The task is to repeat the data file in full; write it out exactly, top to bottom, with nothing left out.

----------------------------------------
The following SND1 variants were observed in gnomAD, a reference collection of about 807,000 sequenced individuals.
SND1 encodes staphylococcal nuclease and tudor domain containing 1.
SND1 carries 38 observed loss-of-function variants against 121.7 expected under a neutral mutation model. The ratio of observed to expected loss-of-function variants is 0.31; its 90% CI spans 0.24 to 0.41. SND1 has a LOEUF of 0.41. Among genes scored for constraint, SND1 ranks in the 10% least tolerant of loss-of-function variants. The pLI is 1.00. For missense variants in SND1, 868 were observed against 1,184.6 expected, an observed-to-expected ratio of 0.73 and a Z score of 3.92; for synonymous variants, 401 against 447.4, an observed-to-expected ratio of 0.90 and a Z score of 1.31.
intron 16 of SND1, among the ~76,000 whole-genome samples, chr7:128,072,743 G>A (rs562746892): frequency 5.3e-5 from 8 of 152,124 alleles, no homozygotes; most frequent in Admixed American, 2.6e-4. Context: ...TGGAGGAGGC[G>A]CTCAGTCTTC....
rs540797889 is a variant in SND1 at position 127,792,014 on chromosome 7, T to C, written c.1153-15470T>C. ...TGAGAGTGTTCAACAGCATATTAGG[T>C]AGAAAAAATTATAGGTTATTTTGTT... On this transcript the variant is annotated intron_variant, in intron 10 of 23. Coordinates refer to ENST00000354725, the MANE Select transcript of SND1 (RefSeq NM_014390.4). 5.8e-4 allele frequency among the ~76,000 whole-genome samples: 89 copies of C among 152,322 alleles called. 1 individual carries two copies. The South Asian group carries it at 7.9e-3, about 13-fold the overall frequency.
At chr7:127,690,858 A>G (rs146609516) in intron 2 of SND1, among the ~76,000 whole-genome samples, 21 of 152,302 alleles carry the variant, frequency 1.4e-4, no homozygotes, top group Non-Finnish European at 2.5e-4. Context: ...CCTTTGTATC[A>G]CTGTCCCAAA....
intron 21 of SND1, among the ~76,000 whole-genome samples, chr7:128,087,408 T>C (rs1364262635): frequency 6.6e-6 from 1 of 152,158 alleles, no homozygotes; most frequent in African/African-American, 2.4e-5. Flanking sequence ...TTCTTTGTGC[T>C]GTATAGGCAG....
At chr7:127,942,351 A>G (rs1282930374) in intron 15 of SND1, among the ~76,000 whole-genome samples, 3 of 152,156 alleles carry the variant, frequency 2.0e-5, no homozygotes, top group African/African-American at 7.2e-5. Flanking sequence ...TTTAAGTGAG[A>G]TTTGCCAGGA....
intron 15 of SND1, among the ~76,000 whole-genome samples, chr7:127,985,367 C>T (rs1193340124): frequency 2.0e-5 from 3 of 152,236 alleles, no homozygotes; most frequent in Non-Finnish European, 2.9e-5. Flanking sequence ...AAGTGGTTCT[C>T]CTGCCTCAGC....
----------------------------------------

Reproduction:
The following SND1 variants were observed in gnomAD, a reference collection of about 807,000 sequenced individuals.
SND1 encodes staphylococcal nuclease and tudor domain containing 1.
SND1 carries 38 observed loss-of-function variants against 121.7 expected under a neutral mutation model. The ratio of observed to expected loss-of-function variants is 0.31; its 90% CI spans 0.24 to 0.41. SND1 has a LOEUF of 0.41. Among genes scored for constraint, SND1 ranks in the 10% least tolerant of loss-of-function variants. The pLI is 1.00. For missense variants in SND1, 868 were observed against 1,184.6 expected, an observed-to-expected ratio of 0.73 and a Z score of 3.92; for synonymous variants, 401 against 447.4, an observed-to-expected ratio of 0.90 and a Z score of 1.31.
intron 16 of SND1, among the ~76,000 whole-genome samples, chr7:128,072,743 G>A (rs562746892): frequency 5.3e-5 from 8 of 152,124 alleles, no homozygotes; most frequent in Admixed American, 2.6e-4. Context: ...TGGAGGAGGC[G>A]CTCAGTCTTC....
rs540797889 is a variant in SND1 at position 127,792,014 on chromosome 7, T to C, written c.1153-15470T>C. ...TGAGAGTGTTCAACAGCATATTAGG[T>C]AGAAAAAATTATAGGTTATTTTGTT... On this transcript the variant is annotated intron_variant, in intron 10 of 23. Coordinates refer to ENST00000354725, the MANE Select transcript of SND1 (RefSeq NM_014390.4). 5.8e-4 allele frequency among the ~76,000 whole-genome samples: 89 copies of C among 152,322 alleles called. 1 individual carries two copies. The South Asian group carries it at 7.9e-3, about 13-fold the overall frequency.
At chr7:127,690,858 A>G (rs146609516) in intron 2 of SND1, among the ~76,000 whole-genome samples, 21 of 152,302 alleles carry the variant, frequency 1.4e-4, no homozygotes, top group Non-Finnish European at 2.5e-4. Context: ...CCTTTGTATC[A>G]CTGTCCCAAA....
intron 21 of SND1, among the ~76,000 whole-genome samples, chr7:128,087,408 T>C (rs1364262635): frequency 6.6e-6 from 1 of 152,158 alleles, no homozygotes; most frequent in African/African-American, 2.4e-5. Flanking sequence ...TTCTTTGTGC[T>C]GTATAGGCAG....
At chr7:127,942,351 A>G (rs1282930374) in intron 15 of SND1, among the ~76,000 whole-genome samples, 3 of 152,156 alleles carry the variant, frequency 2.0e-5, no homozygotes, top group African/African-American at 7.2e-5. Flanking sequence ...TTTAAGTGAG[A>G]TTTGCCAGGA....
intron 15 of SND1, among the ~76,000 whole-genome samples, chr7:127,985,367 C>T (rs1193340124): frequency 2.0e-5 from 3 of 152,236 alleles, no homozygotes; most frequent in Non-Finnish European, 2.9e-5. Flanking sequence ...AAGTGGTTCT[C>T]CTGCCTCAGC....